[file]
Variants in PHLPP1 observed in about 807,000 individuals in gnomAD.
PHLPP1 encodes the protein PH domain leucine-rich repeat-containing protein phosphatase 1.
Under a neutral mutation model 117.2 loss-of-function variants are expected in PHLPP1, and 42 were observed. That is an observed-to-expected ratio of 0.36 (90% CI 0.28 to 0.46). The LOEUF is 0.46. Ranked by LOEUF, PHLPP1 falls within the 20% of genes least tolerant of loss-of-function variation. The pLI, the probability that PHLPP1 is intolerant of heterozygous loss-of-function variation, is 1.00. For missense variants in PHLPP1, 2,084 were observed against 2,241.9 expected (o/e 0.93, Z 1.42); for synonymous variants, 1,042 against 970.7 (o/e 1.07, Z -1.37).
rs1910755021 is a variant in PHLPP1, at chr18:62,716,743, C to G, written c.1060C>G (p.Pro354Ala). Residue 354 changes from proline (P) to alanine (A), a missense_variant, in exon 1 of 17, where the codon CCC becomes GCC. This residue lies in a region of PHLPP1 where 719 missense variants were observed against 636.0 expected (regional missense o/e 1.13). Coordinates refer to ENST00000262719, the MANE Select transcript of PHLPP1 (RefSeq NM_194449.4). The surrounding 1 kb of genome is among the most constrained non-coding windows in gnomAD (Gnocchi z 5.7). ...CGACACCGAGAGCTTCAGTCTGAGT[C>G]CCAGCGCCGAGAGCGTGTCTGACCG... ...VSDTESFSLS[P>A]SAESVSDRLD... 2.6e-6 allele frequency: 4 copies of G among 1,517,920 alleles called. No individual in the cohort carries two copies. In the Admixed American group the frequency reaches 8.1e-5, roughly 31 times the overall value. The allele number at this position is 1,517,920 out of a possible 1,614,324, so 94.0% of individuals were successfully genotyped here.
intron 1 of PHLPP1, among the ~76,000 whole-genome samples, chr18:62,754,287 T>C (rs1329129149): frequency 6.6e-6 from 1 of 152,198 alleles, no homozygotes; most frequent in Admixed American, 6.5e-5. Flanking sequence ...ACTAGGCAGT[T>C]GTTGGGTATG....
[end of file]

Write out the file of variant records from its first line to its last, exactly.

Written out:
Variants in PHLPP1 observed in about 807,000 individuals in gnomAD.
PHLPP1 encodes the protein PH domain leucine-rich repeat-containing protein phosphatase 1.
Under a neutral mutation model 117.2 loss-of-function variants are expected in PHLPP1, and 42 were observed. That is an observed-to-expected ratio of 0.36 (90% CI 0.28 to 0.46). The LOEUF is 0.46. Ranked by LOEUF, PHLPP1 falls within the 20% of genes least tolerant of loss-of-function variation. The pLI, the probability that PHLPP1 is intolerant of heterozygous loss-of-function variation, is 1.00. For missense variants in PHLPP1, 2,084 were observed against 2,241.9 expected (o/e 0.93, Z 1.42); for synonymous variants, 1,042 against 970.7 (o/e 1.07, Z -1.37).
rs1910755021 is a variant in PHLPP1, at chr18:62,716,743, C to G, written c.1060C>G (p.Pro354Ala). Residue 354 changes from proline (P) to alanine (A), a missense_variant, in exon 1 of 17, where the codon CCC becomes GCC. This residue lies in a region of PHLPP1 where 719 missense variants were observed against 636.0 expected (regional missense o/e 1.13). Coordinates refer to ENST00000262719, the MANE Select transcript of PHLPP1 (RefSeq NM_194449.4). The surrounding 1 kb of genome is among the most constrained non-coding windows in gnomAD (Gnocchi z 5.7). ...CGACACCGAGAGCTTCAGTCTGAGT[C>G]CCAGCGCCGAGAGCGTGTCTGACCG... ...VSDTESFSLS[P>A]SAESVSDRLD... 2.6e-6 allele frequency: 4 copies of G among 1,517,920 alleles called. No individual in the cohort carries two copies. In the Admixed American group the frequency reaches 8.1e-5, roughly 31 times the overall value. The allele number at this position is 1,517,920 out of a possible 1,614,324, so 94.0% of individuals were successfully genotyped here.
intron 1 of PHLPP1, among the ~76,000 whole-genome samples, chr18:62,754,287 T>C (rs1329129149): frequency 6.6e-6 from 1 of 152,198 alleles, no homozygotes; most frequent in Admixed American, 6.5e-5. Flanking sequence ...ACTAGGCAGT[T>C]GTTGGGTATG....